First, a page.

One possible way to reconcile this hypothesis with the experimental data might be to evaluate the sum of the set of masses at a single energy scale (such as the Higgs vacuum expectation value of ca. 246 GeV), rather than using the pole masses of each particle considered (the pole mass of a particle its its mass evaluated at an energy scale equal to its rest mass).

On the boson side of the equation, the W and Z boson masses are slightly lighter than their pole masses at the Higgs vev scale, so the Higgs boson mass at the scale would have to be slightly greater to fit the equation, and since the Higgs boson mass also deceases somewhat from its pole mass at the Higgs vev energy scale, a slightly higher Higgs boson mass at the Higgs vev scale would translate into an even larger Higgs boson pole mass.

I haven't done the calculations (and to be honest, it would take a couple of weeks for me to get up to speed enough on the calculations of the running masses involved to do them right), but the order of magnitude and direction of the adjustments would be about right.

On the fermion side the the equation, the fundamental fermion masses also get smaller at higher energy scales. To the extent that one is determining the top quark mass by starting with half of the square of the Higgs vev and then subtracting out the square of the masses of the other fundamental fermions, this means that the contribution of the other fundamental fermions is slightly smaller, so the square of the top quark mass has to be slightly greater, and gets greater still when converted from a Higgs vev mass to a top quark pole mass. All of these adjustments are pretty modest, but they are enough to make the predicted value of the top quark mass a bit higher.

This solution is less attractive on the fermion side, where large margins of error in most measurements to data limit the extent to which this hypothesis can be confirmed or ruled out. If the sum of the squares of the fundamental fermion masses evaluated at the Higgs vev equals half of the square of the Higgs vev, and the sum of the squares of the fundamental boson masses evaluated at the Higgs vev also equals half of the square of the Higgs vev.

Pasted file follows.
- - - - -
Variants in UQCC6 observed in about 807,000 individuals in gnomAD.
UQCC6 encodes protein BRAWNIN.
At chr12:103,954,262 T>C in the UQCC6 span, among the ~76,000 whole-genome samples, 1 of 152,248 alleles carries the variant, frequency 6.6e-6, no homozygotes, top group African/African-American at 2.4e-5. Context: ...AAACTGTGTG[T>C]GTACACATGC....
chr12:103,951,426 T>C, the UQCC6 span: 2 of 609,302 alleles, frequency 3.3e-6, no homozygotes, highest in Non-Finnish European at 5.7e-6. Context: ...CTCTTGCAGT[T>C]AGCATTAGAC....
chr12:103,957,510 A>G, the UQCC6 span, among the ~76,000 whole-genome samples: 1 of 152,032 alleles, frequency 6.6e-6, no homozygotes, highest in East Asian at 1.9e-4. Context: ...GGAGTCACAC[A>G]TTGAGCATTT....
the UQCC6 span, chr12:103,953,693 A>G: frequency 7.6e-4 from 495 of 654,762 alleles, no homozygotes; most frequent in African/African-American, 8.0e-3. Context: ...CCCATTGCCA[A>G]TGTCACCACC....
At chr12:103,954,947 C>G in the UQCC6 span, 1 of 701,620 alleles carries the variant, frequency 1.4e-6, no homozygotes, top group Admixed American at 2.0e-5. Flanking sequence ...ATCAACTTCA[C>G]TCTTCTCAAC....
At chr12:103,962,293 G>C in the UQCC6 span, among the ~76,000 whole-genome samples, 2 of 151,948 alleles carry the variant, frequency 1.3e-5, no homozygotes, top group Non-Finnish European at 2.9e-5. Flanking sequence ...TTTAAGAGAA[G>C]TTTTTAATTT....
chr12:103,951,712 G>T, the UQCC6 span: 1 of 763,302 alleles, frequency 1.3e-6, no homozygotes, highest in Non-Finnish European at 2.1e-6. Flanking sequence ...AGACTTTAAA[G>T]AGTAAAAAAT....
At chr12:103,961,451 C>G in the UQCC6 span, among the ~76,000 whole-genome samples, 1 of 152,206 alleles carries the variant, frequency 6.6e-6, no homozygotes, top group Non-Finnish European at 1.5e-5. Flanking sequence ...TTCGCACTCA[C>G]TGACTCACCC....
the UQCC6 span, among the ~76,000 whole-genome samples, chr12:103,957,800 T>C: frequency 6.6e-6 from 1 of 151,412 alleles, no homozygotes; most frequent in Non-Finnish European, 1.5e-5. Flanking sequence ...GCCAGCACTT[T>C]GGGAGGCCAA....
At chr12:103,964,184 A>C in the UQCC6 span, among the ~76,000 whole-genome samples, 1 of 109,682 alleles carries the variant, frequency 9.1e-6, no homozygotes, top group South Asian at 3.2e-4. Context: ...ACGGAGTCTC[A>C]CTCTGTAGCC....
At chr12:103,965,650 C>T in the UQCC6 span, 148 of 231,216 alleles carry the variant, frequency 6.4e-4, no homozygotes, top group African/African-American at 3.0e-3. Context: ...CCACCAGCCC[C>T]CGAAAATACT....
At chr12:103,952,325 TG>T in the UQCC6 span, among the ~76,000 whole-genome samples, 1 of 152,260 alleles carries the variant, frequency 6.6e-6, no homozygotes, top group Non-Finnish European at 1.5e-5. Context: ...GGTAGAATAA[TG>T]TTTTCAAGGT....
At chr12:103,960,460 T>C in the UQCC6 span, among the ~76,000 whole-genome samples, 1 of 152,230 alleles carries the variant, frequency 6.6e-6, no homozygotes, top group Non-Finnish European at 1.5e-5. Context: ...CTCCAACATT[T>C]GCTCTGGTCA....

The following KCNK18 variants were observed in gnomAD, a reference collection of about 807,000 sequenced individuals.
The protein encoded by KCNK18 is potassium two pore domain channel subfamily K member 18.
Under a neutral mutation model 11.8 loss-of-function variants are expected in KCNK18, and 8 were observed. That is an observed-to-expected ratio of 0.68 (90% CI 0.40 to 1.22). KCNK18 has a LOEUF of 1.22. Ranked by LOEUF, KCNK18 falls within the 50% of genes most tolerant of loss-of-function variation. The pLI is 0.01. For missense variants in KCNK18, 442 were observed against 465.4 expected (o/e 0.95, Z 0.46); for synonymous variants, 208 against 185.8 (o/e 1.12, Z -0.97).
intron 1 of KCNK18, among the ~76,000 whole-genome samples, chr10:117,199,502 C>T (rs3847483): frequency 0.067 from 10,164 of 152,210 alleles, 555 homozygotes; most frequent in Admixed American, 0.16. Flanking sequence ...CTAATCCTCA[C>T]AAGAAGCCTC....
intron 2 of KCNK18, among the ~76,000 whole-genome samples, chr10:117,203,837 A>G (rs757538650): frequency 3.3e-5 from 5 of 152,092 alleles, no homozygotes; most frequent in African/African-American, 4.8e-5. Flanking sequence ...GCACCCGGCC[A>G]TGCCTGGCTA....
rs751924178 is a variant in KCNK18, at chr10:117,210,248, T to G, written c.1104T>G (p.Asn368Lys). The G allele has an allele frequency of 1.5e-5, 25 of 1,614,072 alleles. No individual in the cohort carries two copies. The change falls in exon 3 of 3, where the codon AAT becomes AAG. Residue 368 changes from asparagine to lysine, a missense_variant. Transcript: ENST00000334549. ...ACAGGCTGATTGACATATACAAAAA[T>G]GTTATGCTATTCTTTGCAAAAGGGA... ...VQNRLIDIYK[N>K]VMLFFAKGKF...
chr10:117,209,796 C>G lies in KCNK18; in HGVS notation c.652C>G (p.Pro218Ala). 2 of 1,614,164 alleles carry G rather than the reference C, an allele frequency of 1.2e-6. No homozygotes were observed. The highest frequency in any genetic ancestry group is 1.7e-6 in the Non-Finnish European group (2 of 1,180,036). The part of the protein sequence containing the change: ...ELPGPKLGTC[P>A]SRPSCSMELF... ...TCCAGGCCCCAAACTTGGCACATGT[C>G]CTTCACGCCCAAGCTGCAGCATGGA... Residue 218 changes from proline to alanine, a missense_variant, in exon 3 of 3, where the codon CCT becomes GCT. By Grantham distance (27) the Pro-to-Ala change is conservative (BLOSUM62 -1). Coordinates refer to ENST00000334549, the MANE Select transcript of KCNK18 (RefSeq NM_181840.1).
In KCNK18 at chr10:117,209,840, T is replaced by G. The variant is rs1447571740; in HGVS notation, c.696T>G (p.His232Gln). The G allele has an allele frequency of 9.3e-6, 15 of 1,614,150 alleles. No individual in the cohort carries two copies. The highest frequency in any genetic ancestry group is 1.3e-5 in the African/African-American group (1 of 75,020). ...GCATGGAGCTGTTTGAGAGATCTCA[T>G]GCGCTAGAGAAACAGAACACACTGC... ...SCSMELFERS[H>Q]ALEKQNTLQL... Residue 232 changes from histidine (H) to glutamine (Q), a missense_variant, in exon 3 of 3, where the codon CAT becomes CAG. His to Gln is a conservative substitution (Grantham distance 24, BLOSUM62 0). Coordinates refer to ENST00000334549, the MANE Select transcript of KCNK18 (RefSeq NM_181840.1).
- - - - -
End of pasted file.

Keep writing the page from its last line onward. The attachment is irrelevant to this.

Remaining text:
Using pole masses throughout, the formula predicts a top quark mass of 174.0 GeV. The final Tevatron measurement of the Higgs boson mass was a bit heavier than that at 174.30 +/- 0.65 GeV, which would probably be a good fit to this energy scale hypothesis, but the state of the art top quark mass measurements at the LHC are coming in at the mid- to high- 172 GeV range, which would tend to disfavor this hypothesis.

This also means that the sum of the square of the fundamental particle pole masses (both fermions and bosons) should slightly exceed the square of the Higgs vev, since the pole masses are across the board at lower energy scales than the Higgs vev and hence, are larger.

Another, more ad hoc, was to reconcile the discrepancies between the experimental data and this hypothesis, which might lead to an exact fermion mass sum-boson mass sum symmetry, would be to evaluate the fermion masses at the mass of the heaviest fermion (the top quark) which would only every so slightly reduce the total (the main contribution would come from a slight reduction in the bottom quark mass), while evaluating the boson masses at the mass of the heaviest boson (the Higgs boson) which would also reduce the total for the sum of the square of the boson masses, but less so because the Higgs mass is lighter than the top quark mass. Then, perhaps, the grand total would have to be calculated on the basis of pole masses compare to the Higgs vev which would pretty much fit the existing data.

**Other Properties Of the Higgs Boson**The couplings of the Higgs boson to the Standard Model expectation at its measured mass is generally a fairly reasonable given the experimental errors involved in these measurements and is generally getting closer to the theoretically predicted value.

The spin and parity of the Higgs boson have been measured with sufficient precision to completely rule out alternatives to the Standard Model values of those quantum numbers of the Higgs boson.

A fairly tight upper bound on the "width" of the Higgs boson (which is functionally equivalent to its mean lifetime), which is consistent with a much narrower Standard Model prediction, has also been established.

**Note:**This post was significantly polished and expanded on July 13, 2017.